| Published: June 25, 2020
Magnitude of career confusion among college students in India: An empirical report
In the early 1900s, America started its initiatives in the field of career choice with an innovative concept, ‘right person for the right job’. This motto was well-received by the American society and further became a unique focus of Euro-American educational system. Following this, aptitude (the inborn talent) together with interest was given high precedence in higher education and young people selected their career accordingly. Countries that accepted this new paradigm stands out globally whereas countries that adopted the conventional naive concept ‘anybody can do any job’ struggle to achieve the desired target. Even after a century has passed, the Indian education system is not able to cope up with the concept and perform poorly in human resource management. Many factors like social status, easily available job opportunity, parental pressure, peer influence drive many young people towards specific streams of study. Once they complete their studies in this scheme, end up in career confusion and struggle in the profession and life. In this framework, this study is aimed at identifying the magnitude of career confusion among college students and, suggests some substantial solutions to social workers, psychologists and educators in guiding young people to build a modern society in the Indian subcontinent. This empirical study collected data from four states of India. Students, parents, teachers and fresh employees were studied. Based on the results, the authors discuss the need for a paradigm shift in thinking and acting so that career confusion can be reduced to a greater extent.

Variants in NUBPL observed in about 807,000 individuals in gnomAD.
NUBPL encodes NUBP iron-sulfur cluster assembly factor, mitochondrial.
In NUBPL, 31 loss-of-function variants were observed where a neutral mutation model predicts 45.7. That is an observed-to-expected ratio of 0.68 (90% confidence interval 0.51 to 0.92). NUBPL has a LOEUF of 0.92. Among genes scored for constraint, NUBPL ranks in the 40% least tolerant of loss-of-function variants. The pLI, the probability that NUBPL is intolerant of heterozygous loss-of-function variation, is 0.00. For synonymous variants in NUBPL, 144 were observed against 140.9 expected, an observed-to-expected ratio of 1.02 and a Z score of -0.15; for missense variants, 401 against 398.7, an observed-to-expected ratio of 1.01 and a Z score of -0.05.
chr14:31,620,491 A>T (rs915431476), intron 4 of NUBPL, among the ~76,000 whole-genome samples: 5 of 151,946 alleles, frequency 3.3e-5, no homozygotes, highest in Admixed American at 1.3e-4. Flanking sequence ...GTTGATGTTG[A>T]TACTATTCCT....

This is an Open Access Research distributed under the terms of the Creative Commons Attribution License (www.creativecommons.org/licenses/by/2.0), which permits unrestricted use, distribution, and reproduction in any Medium, provided the original work is properly cited.
© 2020, Mini T. C., Christopher A., Janetius S. T.
Received: May 27, 2020; Revision Received: June 20, 2020; Accepted: June 25, 2020
Published in Volume 08, Issue 2, April- June, 2020